LeBron may have chosen Miami to recreate high school. But he has no regrets.

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Thumbnail image for lebron_james_arty.jpgRegrets? Nope.

LeBron James is chronicled in the latest issue of GQ, by author J.R. Moehringer, who had the seats closest to ringside for the circus that was the Summer of LeBron. He has a lot of insights, he tries to answer the hardest questions.

Like, what would LeBron change if he had it to do over?

“Nothing at all,” he said.

Like “Why Miami?”

Moehringer thinks because playing with Wade and Bosh in a fun city is a way to replicate James’ high school experience, which he still says is some of the best times of his life. Moehringer gets into this more in a companion interview done at TrueHoop.

I agree with Buzz [Bissinger, who wrote James’ last authorized book] that’s it’s dangerous to do pop psychologizing, but it seems to me that [James] has one formula for success in his life and that comes out of his high school experience…

He thrives, he’s happiest, he does his best when he is surrounded by friends. He just didn’t feel like that was happening in Cleveland. It seems pretty clear that Dwyane Wade and Chris Bosh aren’t just the best talent he can surround himself with, but they’re a combination of talent and friends. He’s looking for camaraderie. That’s the formula that has worked for him — and the only one that has worked for him.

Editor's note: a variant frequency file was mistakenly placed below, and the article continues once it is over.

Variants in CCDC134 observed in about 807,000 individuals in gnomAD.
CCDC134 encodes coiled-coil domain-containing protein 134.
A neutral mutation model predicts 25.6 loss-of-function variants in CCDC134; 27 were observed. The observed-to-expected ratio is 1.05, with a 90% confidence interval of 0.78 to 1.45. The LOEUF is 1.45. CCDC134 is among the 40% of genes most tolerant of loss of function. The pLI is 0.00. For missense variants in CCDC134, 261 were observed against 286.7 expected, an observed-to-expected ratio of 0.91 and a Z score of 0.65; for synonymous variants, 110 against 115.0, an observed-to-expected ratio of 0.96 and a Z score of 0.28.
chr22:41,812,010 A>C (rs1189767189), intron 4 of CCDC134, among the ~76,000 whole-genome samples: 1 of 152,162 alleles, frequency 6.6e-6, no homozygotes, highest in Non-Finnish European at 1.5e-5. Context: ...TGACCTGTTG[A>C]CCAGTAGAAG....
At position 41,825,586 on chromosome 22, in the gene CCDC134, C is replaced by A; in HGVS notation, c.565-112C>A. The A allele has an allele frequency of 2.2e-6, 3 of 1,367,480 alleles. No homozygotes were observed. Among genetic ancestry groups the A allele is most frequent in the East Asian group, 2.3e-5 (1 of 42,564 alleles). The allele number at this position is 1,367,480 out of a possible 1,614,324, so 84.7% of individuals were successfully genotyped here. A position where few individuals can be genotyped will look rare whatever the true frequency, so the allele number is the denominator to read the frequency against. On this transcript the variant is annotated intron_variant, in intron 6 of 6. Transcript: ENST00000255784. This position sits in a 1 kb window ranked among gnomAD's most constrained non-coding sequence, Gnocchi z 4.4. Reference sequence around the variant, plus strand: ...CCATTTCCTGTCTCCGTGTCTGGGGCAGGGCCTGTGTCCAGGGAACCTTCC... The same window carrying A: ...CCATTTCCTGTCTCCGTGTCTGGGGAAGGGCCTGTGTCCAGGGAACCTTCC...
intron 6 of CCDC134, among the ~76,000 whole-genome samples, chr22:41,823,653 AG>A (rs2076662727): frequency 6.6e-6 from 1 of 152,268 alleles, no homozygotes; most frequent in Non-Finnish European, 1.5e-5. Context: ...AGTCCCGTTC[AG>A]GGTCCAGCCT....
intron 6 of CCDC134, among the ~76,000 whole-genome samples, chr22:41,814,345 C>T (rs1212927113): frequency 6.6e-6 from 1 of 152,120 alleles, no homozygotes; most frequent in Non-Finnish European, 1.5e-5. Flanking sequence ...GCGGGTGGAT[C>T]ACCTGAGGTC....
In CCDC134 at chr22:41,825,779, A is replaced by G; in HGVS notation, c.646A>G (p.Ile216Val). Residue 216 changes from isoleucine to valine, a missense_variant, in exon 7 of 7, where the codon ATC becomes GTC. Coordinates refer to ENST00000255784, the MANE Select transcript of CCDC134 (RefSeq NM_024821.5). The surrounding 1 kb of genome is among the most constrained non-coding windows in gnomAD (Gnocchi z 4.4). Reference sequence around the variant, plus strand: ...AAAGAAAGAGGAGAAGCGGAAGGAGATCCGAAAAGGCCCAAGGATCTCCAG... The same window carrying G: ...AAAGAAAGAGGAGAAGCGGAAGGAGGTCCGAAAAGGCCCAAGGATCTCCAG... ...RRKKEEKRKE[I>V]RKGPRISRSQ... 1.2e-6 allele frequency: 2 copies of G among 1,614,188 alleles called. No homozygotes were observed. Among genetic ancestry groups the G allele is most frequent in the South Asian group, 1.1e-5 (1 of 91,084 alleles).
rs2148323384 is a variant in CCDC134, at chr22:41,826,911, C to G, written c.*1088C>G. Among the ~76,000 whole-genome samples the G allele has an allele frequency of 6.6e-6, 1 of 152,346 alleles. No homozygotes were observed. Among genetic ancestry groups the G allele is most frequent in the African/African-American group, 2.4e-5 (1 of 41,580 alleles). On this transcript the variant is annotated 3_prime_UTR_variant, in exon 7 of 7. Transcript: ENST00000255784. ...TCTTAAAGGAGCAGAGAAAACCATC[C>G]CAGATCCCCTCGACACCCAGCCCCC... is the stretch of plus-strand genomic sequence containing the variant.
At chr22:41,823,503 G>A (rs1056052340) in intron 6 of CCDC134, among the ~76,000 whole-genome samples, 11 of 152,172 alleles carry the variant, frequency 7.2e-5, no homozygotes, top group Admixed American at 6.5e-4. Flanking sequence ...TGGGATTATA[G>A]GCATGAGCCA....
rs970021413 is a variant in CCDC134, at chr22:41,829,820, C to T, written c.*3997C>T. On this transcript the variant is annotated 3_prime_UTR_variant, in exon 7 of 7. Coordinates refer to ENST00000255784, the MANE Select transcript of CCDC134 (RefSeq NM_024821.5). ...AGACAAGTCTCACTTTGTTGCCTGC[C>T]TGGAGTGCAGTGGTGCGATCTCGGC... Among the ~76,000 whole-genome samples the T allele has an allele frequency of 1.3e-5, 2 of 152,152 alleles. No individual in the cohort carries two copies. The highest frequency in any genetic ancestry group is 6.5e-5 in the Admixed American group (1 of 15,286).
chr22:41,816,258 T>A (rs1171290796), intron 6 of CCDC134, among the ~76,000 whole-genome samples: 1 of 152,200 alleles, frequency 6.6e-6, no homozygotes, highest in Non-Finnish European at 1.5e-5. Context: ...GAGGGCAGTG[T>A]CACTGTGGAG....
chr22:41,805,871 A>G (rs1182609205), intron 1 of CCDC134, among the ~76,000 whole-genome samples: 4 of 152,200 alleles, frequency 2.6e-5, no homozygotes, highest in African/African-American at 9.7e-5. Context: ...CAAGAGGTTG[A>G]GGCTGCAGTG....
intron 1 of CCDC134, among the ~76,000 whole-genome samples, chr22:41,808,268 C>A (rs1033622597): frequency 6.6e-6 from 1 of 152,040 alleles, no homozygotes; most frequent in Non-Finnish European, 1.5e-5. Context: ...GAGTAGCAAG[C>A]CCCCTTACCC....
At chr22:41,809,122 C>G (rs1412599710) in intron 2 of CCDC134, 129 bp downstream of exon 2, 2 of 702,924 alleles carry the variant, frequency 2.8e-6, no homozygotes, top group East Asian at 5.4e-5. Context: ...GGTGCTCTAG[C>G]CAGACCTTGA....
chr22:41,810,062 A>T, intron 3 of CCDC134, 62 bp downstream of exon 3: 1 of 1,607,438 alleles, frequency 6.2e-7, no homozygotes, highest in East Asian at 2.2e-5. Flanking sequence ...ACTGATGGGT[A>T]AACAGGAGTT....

Moehringer paints a complex portrait (which is not fully available online, you need to buy the magazine). He talks about a man somewhat isolated from reality — a man surrounded by a layer of family, followed by a layer of friends, followed by a layer of Nike people. Moehringer said that in the room in Connecticut, where LeBron was to televise his decision, everyone had a sense of foreboding and that this was a bad idea — everyone except LeBron and his people. They didn’t get it.

How isolated did he seem from reality at times? The opening of the article says it all:

He can imagine, he says, playing for Cleveland again one day.

Did I hear him right? Cleveland?

“If there was an opportunity for me to return,” he says, “and those fans welcome me back, that’d be a great story.”

Cleveland…Ohio? Where fans at this very moment are burning his jerseys? Where fans are selling toilet paper made from his jerseys?

“Maybe the ones burning my jersey,” he says, “were never LeBron fans anyway.”

This is a fantastic bit of writing, and like all great writing it ads nuance and shades of gray to what has been painted in black-and-white terms so many places. LeBron does not come off as a bad person or a stooge, he comes off as someone who thought it through and made his decision. Someone very comfortable with that decision.

He says that Cavs owner Dan Gilbert’s post-decision rant only reinforced the feeling he made the right decision, as James himself said in GQ: